A ship from Korea carrying supplies to build housing for military buildup workers in the American territory of Guam was denied permission to dock when inspectors discovered thousands of spiders in its cargo…
The Port’s Marketing Administrator Bernadette Meno said customs officers along with the vessel’s agent boarded the ship and gave clearance to the stevedores to go on board and unlock the cargo for offloading.
It was then that thousands of the critters were found.
“When our port stevedores began offloading the insulation and beams for the housing units on the docks they discovered that hundreds of large spiders and thousands of small ones were on the cargo and on the ship,” Meno said.
I like this article for two reasons: the use of the word “stevedores,” and the use of the word “critters.” I do not, however, like spiders. Nor, I imagine, do the poor ship’s crew members who just spent months trapped on a boat with thousands of freakin spiders.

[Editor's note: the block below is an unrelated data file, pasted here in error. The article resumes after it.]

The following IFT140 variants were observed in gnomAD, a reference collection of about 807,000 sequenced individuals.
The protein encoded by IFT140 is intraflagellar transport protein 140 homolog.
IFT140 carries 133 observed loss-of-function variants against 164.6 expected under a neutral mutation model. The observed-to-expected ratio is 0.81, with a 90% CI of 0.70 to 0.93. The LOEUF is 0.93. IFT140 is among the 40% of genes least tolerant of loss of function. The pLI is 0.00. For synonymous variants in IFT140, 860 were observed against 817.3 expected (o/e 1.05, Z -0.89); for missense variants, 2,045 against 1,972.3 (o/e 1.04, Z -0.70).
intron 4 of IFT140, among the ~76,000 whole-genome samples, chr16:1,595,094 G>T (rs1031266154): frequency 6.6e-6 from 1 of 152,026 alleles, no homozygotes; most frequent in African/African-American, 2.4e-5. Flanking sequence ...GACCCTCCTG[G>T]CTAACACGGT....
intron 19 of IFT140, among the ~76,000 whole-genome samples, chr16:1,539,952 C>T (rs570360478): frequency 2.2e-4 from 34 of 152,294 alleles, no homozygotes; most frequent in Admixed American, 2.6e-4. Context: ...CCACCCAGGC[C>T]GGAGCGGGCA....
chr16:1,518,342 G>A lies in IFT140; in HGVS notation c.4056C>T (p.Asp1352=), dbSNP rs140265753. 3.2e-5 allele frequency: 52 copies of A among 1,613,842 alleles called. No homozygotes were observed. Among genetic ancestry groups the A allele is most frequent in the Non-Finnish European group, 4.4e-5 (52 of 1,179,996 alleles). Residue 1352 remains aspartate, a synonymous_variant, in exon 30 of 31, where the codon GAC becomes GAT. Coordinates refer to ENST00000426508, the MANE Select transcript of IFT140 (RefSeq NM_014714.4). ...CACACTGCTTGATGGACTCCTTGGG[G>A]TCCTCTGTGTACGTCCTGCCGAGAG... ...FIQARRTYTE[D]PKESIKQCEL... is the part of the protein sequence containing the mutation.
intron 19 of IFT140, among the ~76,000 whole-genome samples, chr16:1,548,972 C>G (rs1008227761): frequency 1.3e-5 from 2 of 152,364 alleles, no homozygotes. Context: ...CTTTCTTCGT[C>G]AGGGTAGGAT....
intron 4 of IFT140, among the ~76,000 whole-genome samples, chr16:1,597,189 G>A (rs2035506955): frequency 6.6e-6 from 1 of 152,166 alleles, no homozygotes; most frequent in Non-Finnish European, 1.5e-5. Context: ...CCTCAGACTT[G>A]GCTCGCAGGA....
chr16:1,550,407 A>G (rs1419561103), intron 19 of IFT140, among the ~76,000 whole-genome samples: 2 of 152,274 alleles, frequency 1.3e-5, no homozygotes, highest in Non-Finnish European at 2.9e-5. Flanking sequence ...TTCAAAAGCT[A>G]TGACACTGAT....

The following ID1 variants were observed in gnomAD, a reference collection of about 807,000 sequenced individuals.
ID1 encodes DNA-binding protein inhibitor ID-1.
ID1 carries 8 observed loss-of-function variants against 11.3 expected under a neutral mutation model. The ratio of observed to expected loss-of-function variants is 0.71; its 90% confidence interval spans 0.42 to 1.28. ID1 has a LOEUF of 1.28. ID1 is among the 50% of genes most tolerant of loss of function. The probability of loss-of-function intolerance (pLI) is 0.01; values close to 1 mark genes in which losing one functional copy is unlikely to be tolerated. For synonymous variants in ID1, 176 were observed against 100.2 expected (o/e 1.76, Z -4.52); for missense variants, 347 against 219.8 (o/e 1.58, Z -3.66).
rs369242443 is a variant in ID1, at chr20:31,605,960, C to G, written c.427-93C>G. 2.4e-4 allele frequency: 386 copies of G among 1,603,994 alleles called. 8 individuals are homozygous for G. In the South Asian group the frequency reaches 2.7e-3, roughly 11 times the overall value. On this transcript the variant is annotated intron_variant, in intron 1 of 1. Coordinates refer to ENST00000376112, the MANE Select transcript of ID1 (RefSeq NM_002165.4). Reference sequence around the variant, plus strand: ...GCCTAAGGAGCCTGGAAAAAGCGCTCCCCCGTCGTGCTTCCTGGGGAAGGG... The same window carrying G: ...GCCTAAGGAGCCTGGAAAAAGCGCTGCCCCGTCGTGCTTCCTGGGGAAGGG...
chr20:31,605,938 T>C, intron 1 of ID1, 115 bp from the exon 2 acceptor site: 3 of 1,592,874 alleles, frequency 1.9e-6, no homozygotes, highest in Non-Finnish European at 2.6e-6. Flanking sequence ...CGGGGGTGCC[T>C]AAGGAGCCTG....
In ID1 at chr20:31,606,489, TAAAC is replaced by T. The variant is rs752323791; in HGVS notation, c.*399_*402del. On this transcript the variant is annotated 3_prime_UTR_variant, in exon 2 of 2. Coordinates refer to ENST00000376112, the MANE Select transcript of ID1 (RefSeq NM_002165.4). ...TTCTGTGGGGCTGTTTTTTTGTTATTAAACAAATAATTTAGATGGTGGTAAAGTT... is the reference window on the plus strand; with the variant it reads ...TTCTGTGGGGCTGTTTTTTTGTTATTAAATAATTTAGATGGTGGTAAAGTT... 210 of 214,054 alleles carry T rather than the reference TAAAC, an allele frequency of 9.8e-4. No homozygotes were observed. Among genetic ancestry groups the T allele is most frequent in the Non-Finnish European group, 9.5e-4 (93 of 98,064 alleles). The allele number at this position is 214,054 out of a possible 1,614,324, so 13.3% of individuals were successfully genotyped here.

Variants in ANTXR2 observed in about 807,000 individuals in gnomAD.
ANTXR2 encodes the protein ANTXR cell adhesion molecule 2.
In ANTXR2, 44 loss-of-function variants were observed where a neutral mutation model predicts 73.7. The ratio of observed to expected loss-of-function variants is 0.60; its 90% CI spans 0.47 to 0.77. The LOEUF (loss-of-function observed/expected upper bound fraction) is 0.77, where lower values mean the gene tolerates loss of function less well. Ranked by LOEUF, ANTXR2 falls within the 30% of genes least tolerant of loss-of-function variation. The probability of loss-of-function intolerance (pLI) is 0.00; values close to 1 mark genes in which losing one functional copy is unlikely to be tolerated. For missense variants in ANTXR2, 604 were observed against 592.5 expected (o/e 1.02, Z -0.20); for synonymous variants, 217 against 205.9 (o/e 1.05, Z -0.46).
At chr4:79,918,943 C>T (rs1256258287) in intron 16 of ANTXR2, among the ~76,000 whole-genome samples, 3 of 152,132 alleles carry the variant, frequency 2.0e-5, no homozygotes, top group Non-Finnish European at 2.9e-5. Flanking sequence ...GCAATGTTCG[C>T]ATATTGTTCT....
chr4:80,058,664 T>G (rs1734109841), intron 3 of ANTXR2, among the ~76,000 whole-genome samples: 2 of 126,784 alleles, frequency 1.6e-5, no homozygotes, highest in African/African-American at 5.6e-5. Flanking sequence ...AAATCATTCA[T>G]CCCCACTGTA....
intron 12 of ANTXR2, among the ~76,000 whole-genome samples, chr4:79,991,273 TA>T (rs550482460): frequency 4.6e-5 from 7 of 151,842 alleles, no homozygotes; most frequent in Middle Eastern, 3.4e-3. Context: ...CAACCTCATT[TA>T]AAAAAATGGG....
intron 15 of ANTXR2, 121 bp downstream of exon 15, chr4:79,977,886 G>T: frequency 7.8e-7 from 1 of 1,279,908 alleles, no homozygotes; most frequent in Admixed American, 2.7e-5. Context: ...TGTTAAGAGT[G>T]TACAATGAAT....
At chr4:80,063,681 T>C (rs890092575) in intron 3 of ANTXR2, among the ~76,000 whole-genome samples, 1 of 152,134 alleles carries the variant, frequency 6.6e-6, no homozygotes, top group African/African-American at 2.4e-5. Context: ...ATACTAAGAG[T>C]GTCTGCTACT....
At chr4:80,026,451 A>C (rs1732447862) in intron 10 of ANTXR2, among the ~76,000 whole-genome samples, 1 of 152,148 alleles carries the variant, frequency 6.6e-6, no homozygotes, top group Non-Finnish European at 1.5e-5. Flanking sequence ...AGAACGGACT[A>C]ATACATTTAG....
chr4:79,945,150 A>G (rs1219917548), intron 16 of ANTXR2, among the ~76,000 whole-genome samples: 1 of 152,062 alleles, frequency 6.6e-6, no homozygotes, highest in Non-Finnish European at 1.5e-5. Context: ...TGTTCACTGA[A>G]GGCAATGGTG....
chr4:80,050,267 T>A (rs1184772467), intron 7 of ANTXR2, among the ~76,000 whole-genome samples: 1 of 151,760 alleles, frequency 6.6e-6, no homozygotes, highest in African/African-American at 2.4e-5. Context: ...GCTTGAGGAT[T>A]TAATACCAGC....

After the sneaky arachnids made their presence known, the housing materials in which they’d been chilling were then re-loaded back on the ship. The ship was then sent back to anchorage, further out from land. Incidentally: all of this stuff, other than the spiders, was part of a $200 million contract with Korean construction firms to build housing for temporary workers laboring on American military buildup projects.
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